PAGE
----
Doctor of Leadership in Global Perspectives: Crafting Ministry in an Interconnected World

AI…No Thank You!

Written by: on September 14, 2023

“Alexa, Stop!”
Before I can write about AI and the applications of it to my studies, I must first talk about my Nemesis Alexa. I was an enthusiastic, early user of Alexa. I was completely captivated by the idea of having her respond on command. I bought an Echo Dot for every room in the house. I initially used it to wake up the kids, create morning task list for them, wake me up, remind me turn off the porch lights, play my favorite songs, create my grocery list, and manage my Amazon orders. We even used/use Alexa to play storm sounds to help us fall asleep. It was working quite well for us. And then one day Alexa started to become inconsistent with me, she stopped responding to me and only responded to my husband. I would ask a question and she would not light up or respond and Larry would ask the same question and she would respond. There were other weird things that began to make me feel like Alexa could not be trusted. I am suspicious of her. I am not the only one, a have heard other people express the same feelings towards my Nemesis. It is a struggle to balance the convenience of Alexa and the intrusive nature of her presence in our home. For now, I only use her for sleep sounds at bedtime, yet I must admit I wonder if she is whispering subliminal messages in my husband’s ear throughout the night. Again, I am not the only one with these concerns. My friend is convinced that Alexa is flirting with her husband, that her tone is much nicer when she responds to him. It may seem odd but the idea that Alexa is adapting her behavior to our needs is reasonable, in fact that is the purpose. It is what is expected, and it is what we like about her until it starts to feel a bit creepy.

What are the Dangers?
I feel like I am dating myself by expressing my fear of what AI means in our everyday lives. I remember as a child being excited about the idea of robots and being convinced that I would one day have a robotic maid like they had on the Jetsons. I could not imagine that I would be able to program a device to recite my grocery list, anticipate my shopping needs or play my favorite music. I admit that I enjoy the ease of use, but I maintain a fear of going too far. Where do we draw the line? I know that my age (I never thought I would say this) plays a part in my hesitancy to fully embrace AI. I tested this theory; I asked my children about AI, and they laughed. It is incorporated and fully embraced in their experiences that it does not seem odd to them. They have AI versions of themselves, they use it for research, and they stay abreast of new applications and usages of AI. They have no fear, only excitement about how it will continue to make their lives easier and more interesting. And then there are possibilities that I have yet to explore that extend beyond my Alexa experience. The ability to use it for research, the ability to bring concepts to life is fascinating. Listening to Sal Kahn’s TedTalk opened up an entirely different perspective for me. The opportunity to debate with AI and engage in conversations with research subjects opens up a world of possibilities. Is it really possible to talk to the Mississippi River? It is really possible to have a conversation with Jay Gatsby? Is it healthy to do so? Will it blur the lines between reality and AI?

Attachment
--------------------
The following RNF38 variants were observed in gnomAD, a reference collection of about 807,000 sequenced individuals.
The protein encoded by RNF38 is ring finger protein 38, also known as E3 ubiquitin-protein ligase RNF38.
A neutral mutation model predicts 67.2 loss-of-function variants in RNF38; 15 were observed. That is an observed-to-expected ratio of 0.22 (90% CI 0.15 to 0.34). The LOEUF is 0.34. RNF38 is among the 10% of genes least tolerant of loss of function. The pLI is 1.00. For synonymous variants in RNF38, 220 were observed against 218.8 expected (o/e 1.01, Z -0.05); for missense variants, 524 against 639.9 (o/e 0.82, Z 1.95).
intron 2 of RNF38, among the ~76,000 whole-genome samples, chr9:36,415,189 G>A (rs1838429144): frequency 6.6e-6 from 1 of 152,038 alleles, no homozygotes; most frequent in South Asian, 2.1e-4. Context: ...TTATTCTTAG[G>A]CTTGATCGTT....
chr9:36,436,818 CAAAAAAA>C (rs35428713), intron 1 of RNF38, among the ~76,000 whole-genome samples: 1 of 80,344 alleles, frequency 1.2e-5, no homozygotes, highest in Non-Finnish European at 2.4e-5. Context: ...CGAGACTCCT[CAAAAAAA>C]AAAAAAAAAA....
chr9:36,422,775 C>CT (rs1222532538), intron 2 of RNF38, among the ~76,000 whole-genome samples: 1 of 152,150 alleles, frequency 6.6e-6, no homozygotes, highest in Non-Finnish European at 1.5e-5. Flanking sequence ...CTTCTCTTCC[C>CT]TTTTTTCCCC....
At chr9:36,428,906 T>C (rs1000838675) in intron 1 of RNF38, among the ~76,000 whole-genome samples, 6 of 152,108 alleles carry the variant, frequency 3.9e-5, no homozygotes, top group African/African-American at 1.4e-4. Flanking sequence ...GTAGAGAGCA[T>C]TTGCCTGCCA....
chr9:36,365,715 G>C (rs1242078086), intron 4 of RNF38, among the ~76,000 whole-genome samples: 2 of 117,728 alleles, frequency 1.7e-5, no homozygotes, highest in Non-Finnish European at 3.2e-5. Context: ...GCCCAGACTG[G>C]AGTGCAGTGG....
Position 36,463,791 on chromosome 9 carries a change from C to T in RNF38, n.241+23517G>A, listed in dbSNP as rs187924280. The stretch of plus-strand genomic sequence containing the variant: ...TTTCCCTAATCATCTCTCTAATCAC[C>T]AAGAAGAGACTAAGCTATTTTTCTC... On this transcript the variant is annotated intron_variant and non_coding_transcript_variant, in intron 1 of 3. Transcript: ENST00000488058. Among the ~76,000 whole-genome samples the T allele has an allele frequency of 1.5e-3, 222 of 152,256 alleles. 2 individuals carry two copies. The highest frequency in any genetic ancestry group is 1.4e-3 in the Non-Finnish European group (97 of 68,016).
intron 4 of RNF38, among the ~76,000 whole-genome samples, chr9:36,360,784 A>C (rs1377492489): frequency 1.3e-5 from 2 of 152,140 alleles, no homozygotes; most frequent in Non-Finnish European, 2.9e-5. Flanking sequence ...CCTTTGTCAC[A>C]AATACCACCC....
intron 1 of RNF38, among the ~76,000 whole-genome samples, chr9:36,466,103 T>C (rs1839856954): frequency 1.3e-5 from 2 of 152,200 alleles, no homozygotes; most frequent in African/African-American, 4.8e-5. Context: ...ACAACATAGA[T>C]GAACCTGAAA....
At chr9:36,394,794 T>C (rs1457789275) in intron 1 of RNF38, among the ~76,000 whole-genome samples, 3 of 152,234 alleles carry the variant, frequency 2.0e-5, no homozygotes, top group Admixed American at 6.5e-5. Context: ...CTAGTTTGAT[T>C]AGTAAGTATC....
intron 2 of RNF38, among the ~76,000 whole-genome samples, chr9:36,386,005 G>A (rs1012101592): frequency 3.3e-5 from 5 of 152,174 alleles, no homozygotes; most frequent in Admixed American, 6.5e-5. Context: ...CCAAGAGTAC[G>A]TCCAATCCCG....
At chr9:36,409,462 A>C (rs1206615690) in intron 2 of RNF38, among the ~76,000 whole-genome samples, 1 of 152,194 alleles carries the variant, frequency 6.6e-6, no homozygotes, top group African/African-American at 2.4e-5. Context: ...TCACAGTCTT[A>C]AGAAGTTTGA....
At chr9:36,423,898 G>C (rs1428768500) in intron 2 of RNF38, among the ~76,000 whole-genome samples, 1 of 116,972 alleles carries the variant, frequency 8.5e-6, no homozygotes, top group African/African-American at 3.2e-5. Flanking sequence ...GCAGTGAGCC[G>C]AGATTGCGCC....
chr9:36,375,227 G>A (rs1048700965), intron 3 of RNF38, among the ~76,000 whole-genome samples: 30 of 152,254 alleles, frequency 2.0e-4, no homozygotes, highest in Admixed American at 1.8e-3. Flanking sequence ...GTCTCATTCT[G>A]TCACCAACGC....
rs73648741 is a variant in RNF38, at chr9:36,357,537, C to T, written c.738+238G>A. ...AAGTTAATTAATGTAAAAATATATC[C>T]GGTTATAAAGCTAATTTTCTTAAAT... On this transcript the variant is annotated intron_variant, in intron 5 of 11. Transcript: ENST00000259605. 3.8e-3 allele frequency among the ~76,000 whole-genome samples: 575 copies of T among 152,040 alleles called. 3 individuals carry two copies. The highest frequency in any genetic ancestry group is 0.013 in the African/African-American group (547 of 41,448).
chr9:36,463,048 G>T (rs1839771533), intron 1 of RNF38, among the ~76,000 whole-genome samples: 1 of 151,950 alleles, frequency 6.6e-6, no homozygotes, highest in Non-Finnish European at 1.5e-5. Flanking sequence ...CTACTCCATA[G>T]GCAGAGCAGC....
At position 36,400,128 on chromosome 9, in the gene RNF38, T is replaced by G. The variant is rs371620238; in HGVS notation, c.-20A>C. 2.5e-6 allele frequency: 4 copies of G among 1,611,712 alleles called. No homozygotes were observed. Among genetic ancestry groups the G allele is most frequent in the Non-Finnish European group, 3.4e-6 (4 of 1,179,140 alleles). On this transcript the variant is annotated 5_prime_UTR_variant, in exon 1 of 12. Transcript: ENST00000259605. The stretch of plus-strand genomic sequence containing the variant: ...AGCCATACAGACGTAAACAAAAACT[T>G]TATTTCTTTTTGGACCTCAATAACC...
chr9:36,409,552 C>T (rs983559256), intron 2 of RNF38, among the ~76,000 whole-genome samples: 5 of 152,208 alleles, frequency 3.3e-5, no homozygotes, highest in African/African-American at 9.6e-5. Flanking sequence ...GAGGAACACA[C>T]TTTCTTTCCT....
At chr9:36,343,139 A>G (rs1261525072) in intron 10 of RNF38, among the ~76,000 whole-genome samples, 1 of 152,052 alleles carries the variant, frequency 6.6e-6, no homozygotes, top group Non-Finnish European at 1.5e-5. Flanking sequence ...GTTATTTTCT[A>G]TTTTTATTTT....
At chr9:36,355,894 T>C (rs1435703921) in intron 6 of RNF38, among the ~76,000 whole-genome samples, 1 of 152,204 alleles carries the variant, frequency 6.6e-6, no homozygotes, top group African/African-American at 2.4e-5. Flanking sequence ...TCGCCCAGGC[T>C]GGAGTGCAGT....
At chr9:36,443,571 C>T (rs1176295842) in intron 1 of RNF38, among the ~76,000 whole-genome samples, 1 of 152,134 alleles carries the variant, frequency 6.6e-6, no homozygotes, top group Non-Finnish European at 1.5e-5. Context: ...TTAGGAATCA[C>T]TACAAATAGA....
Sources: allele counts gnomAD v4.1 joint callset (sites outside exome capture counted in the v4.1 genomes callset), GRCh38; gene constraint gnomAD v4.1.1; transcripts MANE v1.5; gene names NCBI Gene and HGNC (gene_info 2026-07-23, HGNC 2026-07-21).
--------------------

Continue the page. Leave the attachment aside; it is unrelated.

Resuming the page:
Limits and Possibilities of AI
AI is here to stay! I believe that there are benefits to utilizing it in my studies. Research and Editing are the most useful ways for me to incorporate AI into my work. Yet, for me, it begins and ends there. I have not embraced using it for constructing emails or prose. It just doesn’t feel authentic to me. I enjoy my own voice and want it to remain present in its natural form when I communicate. I was actually surprised at how many of my friends use AI to construct and respond to emails. It may sound silly, but it feels like they are cheating or taking the easy way out. But I also feel that way about sending a text as a thank you instead of a handwritten note. Some things are just engrained in me from my Southern upbringing. Perhaps I will grow to see the benefits of utilizing AI but for now, I will continue to write my own emails and stay on the safe side of AI usage.

About the Author


Jonita Fair-Payton

3 responses to “AI…No Thank You!”

  1. Jenny Dooley says:

    Hi Jonita,
    I had the same experience with Siri on my phone! I didn’t know AI came with an attitude. I keep having visions of film The Mitchells versus The Machines hilariously running through my head. What is the world coming to when our devices are giving us attitude!
    I won’t be using AI to write emails or essays either, but as a research tool it could be helpful. The world needs your original voice Jonita and so do I!

  2. mm Jonita Fair-Payton says:

    Alexa and Siri are terrible. : ) I have been shocked on more than one occasion on the attitude that I hear in some of the responses. Oddly, I find comfort in knowing that I am not the only one. Thank you for the encouragement. We are in this together, my sweet friend.

  3. mm Russell Chun says:

    Genesis 11:6 Then the LORD came down to see the city and the tower that the sons of men were building. 6 And the LORD said, “If they have begun to do this as one people speaking the same language, then nothing they devise will be beyond them.

    Like you said AI is here to stay, but I return to the idea that as we teach our children (guard rails in their lives), perhaps a concerted effort needs to establish the moral guardrails for AI. For instance, can we teach it not to lie? To reference their answers, to not KILL humans…stuff like that.


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